“And when the crowds saw what Paul had done, they lifted up their voices, saying in Lycaonian, ‘The gods have come down to us in human form!’ Barnabas they called Zeus, and Paul, because he was the chief speaker, they called Hermes.” [Acts 14:11-12]
What’s your sign? I’m a Virgo, with moon in Aries, Pisces rising, and a “stellium”, that is, a cluster of planets and stars, in the Seventh House.
One of the more curious detours in my spiritual journey was two or three years in the late 70’s when I was a fairly serious student of astrology. I had regular lessons and learned how to cast natal charts. A natal chart, or a horoscope, is a kind of map of the sky at the moment of birth. It shows the position of the sun and moon and planets and some principal stars against the backdrop of the 12 signs of the Zodiac (Aries, Taurus, Gemini, Cancer, Leo, etc.). And this map is superimposed on a kind of wheel with twelve spokes, each spoke marking off one of the twelve “houses”. The interpretation of a chart can be a very complicated affair.
But the basic concept of astrology is that the position of the sun and moon and planets at the moment of birth exerts some lasting influence over our lives and accounts for different personality types. The planets and the signs of the Zodiac are each associated with the gods of ancient Greece and Rome. So, if at the moment of birth the sun was in the constellation Gemini, which is “ruled” by Mercury, you are predisposed to have attributes of Mercury, or in Greek, Hermes. If your sun was in Sagitarius, which is “ruled” by Jupiter (also known as Jove or Zeus), you are likely to have attributes of Jupiter. And so with Mars, Venus and Saturn. The gods exert influence through the planets named for them and the Zodiacal signs they “rule”. (And, no, I don’t do horoscopes these days…)
A similar mindset may be evident in the book of Acts when Barnabas and Paul are thought to be Hermes and Zeus. Paul apparently did all the talking, so he was identified with the winged messenger: Hermes, or Mercury. Barnabas was taken for Zeus, or Jupiter or Jove, in human form. This may suggest something about his physical appearance: we can imagine St. Barnabas being somewhat large, fatherly and jovial—attributes associated with Zeus, or Jupiter (or Jove).
In the ancient world-view, Gods could come down to earth in human form; and human beings could embody the attributes of the various gods. Of course, Christian parallels easily come to mind. God has come to us in human form in Jesus Christ. And human beings embody the attributes of Christ. “It was in Antioch that the disciples were first called ‘Christians’”, we read in Acts. To be a Christian means living under the influence of Christ and embodying his attributes.
There are some rather sharp differences between astrology and Christian thinking, of course. Christ the “Sun”, to speak figuratively, is not out there, making his way through the Zodiac. Christ our Sun is here—here and in here. “God set the stars to give light to the world. The star of my life is Jesus,” goes one of our hymns*. Christ the star, the sun, in and through whom all suns and planets exist. Christ the Sun of all suns who outshines all the other lights in the heavens. This Christ, this light makes his dwelling in the human breast.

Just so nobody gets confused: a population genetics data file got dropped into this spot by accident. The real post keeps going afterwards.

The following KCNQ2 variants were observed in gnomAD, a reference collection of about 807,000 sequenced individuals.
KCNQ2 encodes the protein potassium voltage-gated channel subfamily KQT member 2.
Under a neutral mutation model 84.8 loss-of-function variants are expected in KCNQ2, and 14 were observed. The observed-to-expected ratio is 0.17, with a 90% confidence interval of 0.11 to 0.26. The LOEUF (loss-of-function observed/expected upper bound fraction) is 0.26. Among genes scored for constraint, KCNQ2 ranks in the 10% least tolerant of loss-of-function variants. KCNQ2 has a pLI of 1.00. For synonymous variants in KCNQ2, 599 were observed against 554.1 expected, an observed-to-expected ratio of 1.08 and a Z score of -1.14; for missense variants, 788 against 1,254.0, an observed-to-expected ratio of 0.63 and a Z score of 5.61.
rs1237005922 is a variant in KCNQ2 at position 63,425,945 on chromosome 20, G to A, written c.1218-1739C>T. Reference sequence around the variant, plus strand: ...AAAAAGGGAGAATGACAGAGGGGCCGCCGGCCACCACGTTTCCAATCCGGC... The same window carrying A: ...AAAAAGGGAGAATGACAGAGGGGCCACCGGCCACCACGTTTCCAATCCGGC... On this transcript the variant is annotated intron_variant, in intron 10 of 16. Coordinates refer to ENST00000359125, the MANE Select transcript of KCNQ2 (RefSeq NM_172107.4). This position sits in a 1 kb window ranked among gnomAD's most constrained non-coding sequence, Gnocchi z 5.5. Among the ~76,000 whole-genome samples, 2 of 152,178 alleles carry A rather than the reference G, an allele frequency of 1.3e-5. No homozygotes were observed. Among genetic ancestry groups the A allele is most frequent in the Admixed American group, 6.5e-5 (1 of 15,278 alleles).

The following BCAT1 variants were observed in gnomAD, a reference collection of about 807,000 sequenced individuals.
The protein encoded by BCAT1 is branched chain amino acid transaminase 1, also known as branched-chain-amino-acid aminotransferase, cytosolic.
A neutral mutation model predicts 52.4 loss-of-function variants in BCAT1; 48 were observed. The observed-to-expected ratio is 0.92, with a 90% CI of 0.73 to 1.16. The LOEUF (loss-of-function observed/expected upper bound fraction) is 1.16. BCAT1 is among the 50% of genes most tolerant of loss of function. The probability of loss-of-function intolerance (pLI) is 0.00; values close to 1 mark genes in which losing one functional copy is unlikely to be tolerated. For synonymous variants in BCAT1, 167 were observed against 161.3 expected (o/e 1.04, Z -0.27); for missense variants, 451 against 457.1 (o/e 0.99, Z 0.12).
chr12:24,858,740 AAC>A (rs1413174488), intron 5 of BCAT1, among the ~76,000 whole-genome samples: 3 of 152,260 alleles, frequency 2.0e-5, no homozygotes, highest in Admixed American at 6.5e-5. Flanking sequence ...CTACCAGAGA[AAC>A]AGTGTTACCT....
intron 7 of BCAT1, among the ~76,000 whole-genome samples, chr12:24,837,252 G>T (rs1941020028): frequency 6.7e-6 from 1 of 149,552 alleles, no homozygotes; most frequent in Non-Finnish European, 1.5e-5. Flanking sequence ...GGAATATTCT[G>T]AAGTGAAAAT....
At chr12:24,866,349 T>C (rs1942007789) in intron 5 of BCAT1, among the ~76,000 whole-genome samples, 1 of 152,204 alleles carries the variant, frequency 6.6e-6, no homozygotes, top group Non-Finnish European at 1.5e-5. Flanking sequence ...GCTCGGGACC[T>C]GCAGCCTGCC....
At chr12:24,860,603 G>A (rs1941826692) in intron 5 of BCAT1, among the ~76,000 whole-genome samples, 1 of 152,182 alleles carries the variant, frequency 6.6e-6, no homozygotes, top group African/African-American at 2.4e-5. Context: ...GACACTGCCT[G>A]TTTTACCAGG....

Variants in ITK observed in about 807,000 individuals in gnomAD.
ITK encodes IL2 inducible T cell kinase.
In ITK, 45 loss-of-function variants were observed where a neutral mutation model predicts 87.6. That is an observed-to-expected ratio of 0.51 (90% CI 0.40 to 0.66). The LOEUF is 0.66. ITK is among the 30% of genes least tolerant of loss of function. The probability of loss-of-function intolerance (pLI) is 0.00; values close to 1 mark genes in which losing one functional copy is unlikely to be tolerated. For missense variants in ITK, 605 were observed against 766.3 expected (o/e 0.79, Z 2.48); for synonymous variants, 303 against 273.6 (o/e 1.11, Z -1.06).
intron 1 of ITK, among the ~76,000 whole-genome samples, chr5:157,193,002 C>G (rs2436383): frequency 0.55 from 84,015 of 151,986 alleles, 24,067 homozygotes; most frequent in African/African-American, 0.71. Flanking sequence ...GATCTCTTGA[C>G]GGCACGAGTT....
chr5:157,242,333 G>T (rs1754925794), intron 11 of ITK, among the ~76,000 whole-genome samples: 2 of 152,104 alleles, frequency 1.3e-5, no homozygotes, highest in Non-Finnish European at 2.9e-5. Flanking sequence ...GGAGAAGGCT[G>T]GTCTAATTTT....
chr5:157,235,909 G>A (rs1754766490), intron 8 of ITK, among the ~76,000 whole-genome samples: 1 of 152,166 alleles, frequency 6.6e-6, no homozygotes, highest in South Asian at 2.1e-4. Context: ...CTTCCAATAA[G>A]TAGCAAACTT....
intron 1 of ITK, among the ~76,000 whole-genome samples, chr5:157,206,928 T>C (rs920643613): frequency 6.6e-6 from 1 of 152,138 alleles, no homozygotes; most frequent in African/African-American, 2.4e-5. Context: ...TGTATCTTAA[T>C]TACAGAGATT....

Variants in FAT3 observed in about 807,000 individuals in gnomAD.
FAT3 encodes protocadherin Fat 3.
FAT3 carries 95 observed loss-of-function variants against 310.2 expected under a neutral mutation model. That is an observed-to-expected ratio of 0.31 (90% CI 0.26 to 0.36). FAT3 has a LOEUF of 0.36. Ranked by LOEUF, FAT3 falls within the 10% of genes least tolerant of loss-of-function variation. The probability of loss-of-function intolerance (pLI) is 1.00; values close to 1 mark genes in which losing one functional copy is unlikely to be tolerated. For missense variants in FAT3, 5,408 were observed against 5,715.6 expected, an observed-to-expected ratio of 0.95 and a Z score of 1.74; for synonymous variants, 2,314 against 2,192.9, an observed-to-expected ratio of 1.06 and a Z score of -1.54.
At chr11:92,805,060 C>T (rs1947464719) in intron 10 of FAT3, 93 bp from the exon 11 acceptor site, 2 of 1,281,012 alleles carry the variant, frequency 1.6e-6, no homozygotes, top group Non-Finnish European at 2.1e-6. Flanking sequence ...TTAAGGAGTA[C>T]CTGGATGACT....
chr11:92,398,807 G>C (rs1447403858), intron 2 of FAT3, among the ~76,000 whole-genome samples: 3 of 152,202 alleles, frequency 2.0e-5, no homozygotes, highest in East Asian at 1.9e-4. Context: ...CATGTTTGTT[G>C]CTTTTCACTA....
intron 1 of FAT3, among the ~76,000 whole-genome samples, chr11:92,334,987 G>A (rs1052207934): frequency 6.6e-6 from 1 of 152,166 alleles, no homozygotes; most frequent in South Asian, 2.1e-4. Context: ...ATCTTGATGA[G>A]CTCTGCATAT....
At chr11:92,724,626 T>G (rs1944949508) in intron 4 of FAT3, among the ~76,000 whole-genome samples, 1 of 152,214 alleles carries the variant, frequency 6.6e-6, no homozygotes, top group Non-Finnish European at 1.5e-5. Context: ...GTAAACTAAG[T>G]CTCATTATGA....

This Christ brings his influence to bear in our lives not beaming down from somewhere in the Zodiac, not bearing down from the heights of Mt. Olympus, but emerging quietly from somewhere within us. And never in the fatalistic, deterministic way we associate with astrology.
We always have a choice. The Lord Jesus is “courteous”, as Julian of Norwich put it. Christ abides within us, but does not force himself or his attributes upon us: we choose whether he may transform our lives. We choose whether to embody his attributes–or not.
This is a question for each day we are privileged to be alive: How shall Christ transform my life today? How shall I embody the qualities, the attributes, the essence of Christ today?
No one individual, of course, embodies Christ’s attributes fully. It takes all of us—it takes all of us in our brokenness and frailty. Christ needs all of us broken pieces together to be his body. Such is the depth and breadth of this God, such is the brightness of his light. It takes all kinds to embody the completeness of Christ. The fullness of his love, the brightness of his light, the full vigor of his life, the full depth and breadth of his truth. The fullness of his divinity; the perfection of his humanity. We, individually, embody his attributes to some small degree—and we are incomplete without each other.
What’s your sign? What’s our sign? He is on the cross. He is in the manger. He is in the tomb, and risen and glorified. He will soon meet us again at the altar. And even now he waits in the wedding chambers of our hearts—reclining courteously.
“God set the stars to give light to the world. The star of my life is Jesus. In him there is no darkness at all. The night and the day are both alike. The Lamb is the light of the city of God. Shine in my heart, Lord Jesus.” *
Shine in our hearts. Shine in our lives.
*Hymnal 1982, #490
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